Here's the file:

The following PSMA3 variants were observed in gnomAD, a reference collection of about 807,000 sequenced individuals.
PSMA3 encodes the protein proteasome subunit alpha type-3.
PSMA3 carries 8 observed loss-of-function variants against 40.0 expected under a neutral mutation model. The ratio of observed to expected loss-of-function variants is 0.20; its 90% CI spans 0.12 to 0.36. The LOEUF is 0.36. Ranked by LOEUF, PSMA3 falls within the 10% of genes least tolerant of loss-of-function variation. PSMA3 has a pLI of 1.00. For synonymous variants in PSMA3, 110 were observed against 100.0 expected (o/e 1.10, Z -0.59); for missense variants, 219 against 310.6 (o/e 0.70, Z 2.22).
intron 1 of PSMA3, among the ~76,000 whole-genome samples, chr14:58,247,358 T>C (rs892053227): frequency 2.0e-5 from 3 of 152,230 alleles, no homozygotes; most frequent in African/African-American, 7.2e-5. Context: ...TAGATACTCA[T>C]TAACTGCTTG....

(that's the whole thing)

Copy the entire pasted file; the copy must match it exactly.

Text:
The following PSMA3 variants were observed in gnomAD, a reference collection of about 807,000 sequenced individuals.
PSMA3 encodes the protein proteasome subunit alpha type-3.
PSMA3 carries 8 observed loss-of-function variants against 40.0 expected under a neutral mutation model. The ratio of observed to expected loss-of-function variants is 0.20; its 90% CI spans 0.12 to 0.36. The LOEUF is 0.36. Ranked by LOEUF, PSMA3 falls within the 10% of genes least tolerant of loss-of-function variation. PSMA3 has a pLI of 1.00. For synonymous variants in PSMA3, 110 were observed against 100.0 expected (o/e 1.10, Z -0.59); for missense variants, 219 against 310.6 (o/e 0.70, Z 2.22).
intron 1 of PSMA3, among the ~76,000 whole-genome samples, chr14:58,247,358 T>C (rs892053227): frequency 2.0e-5 from 3 of 152,230 alleles, no homozygotes; most frequent in African/African-American, 7.2e-5. Context: ...TAGATACTCA[T>C]TAACTGCTTG....